It took longer for the others to buy into the Harmons’ vision. Squatty Potty’s investors were dubious, as were the elder Edwardses, Judy and Bill. They preferred a safer concept built around an English garden with topiary. Jeffrey Harmon says he argued for the unicorn idea because of how “netty” it felt, inspired as it was by an old meme about unicorns that fart rainbows. “If you do the unicorn,” Jeffrey told Bill, who was confounded by the concept, “the Internet will altogether say, ‘You understand us. You get who we are.’ ”
At last, Bobby Edwards says, the family decided to take a risk on “this crazy, wackadoo unicorn,” and not to tell their investors.
The way the Squatty Potty spot manages to go right up to the boundaries of taste without stepping over may be due to its creators, which include a writer recruited from a sketch comedy show popular among Mormons. (For one thing, “swearing — using the ‘shiz word,’ to use the Mormon term — would be going too far,” says Daniel Harmon, the company’s creative director.)
Perhaps it takes people highly attuned to the fault lines of culture to know how far they can push things. After all, it’s hard to explain what separates the (barely) tasteful from the obscene. Like porn, you know it when you see it. And while bodily elimination, properly presented, doesn’t cross lines for them, plenty of other things do. Several of the Harmon brothers run a separate company called VidAngel, which allows users to filter out what Daniel Harmon has called “the bosoms, blood and bad words” from Hollywood films.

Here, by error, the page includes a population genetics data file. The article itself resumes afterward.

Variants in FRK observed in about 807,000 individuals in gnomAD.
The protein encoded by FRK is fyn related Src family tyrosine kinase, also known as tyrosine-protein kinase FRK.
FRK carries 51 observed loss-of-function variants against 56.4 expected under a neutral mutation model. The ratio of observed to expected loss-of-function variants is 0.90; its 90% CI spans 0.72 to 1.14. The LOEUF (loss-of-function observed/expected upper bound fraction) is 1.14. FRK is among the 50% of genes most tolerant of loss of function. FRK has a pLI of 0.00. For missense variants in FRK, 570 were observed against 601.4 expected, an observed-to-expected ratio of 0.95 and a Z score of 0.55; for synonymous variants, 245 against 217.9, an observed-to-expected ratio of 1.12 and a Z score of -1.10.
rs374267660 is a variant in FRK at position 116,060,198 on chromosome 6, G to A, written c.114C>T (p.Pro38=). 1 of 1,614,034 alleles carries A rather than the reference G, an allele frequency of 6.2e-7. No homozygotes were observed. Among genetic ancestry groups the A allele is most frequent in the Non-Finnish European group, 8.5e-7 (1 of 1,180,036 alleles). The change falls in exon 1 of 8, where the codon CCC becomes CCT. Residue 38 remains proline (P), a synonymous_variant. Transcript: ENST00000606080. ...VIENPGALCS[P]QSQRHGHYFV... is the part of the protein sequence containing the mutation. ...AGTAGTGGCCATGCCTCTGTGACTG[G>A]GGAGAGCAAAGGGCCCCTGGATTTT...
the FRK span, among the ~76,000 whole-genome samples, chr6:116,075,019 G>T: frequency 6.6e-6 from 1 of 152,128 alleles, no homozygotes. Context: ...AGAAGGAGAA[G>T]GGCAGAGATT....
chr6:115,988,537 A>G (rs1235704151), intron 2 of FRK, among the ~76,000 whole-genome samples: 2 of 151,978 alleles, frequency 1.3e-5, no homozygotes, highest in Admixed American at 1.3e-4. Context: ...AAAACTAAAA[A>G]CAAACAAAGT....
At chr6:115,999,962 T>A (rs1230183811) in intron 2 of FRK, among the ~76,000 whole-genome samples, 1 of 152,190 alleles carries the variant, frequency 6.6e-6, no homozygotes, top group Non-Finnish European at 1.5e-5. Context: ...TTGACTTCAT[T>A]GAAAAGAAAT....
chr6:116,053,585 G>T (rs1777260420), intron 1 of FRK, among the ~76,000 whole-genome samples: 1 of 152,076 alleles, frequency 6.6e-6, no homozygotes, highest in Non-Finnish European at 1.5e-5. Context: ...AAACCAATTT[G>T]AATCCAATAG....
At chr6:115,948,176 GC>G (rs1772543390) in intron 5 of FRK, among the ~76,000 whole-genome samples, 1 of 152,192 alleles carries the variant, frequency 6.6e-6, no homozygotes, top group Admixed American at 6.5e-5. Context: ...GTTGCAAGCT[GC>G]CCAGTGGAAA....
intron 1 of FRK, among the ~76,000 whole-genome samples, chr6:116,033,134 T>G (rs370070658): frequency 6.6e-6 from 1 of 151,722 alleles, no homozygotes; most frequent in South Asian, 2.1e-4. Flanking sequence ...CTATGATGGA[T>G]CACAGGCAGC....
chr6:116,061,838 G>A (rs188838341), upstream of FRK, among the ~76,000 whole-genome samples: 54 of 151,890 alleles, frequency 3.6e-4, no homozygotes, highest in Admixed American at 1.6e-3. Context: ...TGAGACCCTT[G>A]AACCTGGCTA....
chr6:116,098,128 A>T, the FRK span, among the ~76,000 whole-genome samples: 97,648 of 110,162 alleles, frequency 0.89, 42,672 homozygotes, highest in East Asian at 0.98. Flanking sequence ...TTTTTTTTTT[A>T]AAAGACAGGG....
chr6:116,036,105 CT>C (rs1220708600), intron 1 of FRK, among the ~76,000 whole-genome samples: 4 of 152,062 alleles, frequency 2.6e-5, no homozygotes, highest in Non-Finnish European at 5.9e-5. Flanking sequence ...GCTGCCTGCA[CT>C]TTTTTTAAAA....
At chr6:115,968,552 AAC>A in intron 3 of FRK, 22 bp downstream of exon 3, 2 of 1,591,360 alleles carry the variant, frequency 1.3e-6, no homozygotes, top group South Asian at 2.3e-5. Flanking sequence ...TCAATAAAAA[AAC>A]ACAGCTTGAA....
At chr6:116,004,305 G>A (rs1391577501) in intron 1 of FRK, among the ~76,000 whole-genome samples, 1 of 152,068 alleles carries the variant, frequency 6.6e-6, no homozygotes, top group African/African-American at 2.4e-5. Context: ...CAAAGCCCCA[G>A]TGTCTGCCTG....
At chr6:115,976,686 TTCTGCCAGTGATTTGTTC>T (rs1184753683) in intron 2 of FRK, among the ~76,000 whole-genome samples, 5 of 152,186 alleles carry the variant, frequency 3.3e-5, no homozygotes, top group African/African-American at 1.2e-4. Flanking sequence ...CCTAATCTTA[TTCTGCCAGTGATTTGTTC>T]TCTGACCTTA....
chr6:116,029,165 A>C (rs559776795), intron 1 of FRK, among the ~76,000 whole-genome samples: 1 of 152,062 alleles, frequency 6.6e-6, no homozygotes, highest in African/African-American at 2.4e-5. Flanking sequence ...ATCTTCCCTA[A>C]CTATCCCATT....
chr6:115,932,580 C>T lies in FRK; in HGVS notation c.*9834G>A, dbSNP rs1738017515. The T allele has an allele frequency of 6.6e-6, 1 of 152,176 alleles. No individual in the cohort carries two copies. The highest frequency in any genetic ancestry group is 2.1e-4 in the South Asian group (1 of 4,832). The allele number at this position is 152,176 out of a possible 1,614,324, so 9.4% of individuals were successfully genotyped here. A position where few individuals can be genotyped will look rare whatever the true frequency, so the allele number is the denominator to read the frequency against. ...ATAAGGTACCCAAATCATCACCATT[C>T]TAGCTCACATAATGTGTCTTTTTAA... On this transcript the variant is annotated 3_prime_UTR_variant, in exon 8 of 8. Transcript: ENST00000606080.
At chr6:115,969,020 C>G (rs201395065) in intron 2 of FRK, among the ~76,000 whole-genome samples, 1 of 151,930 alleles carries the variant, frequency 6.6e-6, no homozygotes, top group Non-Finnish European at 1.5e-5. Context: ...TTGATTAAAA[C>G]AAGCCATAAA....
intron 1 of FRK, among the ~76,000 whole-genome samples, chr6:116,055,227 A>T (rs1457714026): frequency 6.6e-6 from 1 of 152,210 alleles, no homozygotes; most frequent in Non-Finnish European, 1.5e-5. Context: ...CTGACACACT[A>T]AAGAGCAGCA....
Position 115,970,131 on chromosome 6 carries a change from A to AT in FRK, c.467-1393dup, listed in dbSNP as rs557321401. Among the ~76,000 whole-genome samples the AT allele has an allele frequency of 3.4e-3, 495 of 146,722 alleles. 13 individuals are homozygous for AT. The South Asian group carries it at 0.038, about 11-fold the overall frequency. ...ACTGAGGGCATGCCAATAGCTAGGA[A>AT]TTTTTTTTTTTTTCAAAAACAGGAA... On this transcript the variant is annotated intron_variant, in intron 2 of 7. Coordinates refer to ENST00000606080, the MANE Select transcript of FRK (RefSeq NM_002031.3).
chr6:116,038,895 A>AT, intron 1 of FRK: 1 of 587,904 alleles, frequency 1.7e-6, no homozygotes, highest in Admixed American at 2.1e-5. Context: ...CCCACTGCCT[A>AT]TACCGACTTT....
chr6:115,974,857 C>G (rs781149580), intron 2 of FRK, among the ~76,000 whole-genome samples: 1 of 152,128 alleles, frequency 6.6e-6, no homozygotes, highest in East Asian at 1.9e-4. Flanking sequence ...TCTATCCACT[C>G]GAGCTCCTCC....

Jeffrey Harmon says he likes the niche his company has cornered, but he also wants to demonstrate its creative range. He points out that, in addition to being at work on a new spot for another Squatty Potty product, Harmon Brothers has also been pursuing non-taboo projects, including a campaign for a mattress company and work on a huge Christmas event filmed in Provo in 2014, which broke the Guinness World Record for most living figures in a Nativity scene.
At a recent conference, Harmon showed the company’s work for Poo-Pourri and Squatty Potty. “People asked, ‘Do you just do poop videos?’ ” he says. “And I was like, ‘No, we also do videos about Jesus.’ ”
Libby Copeland is a former Post staff writer. To comment on this story, email firstname.lastname@example.org.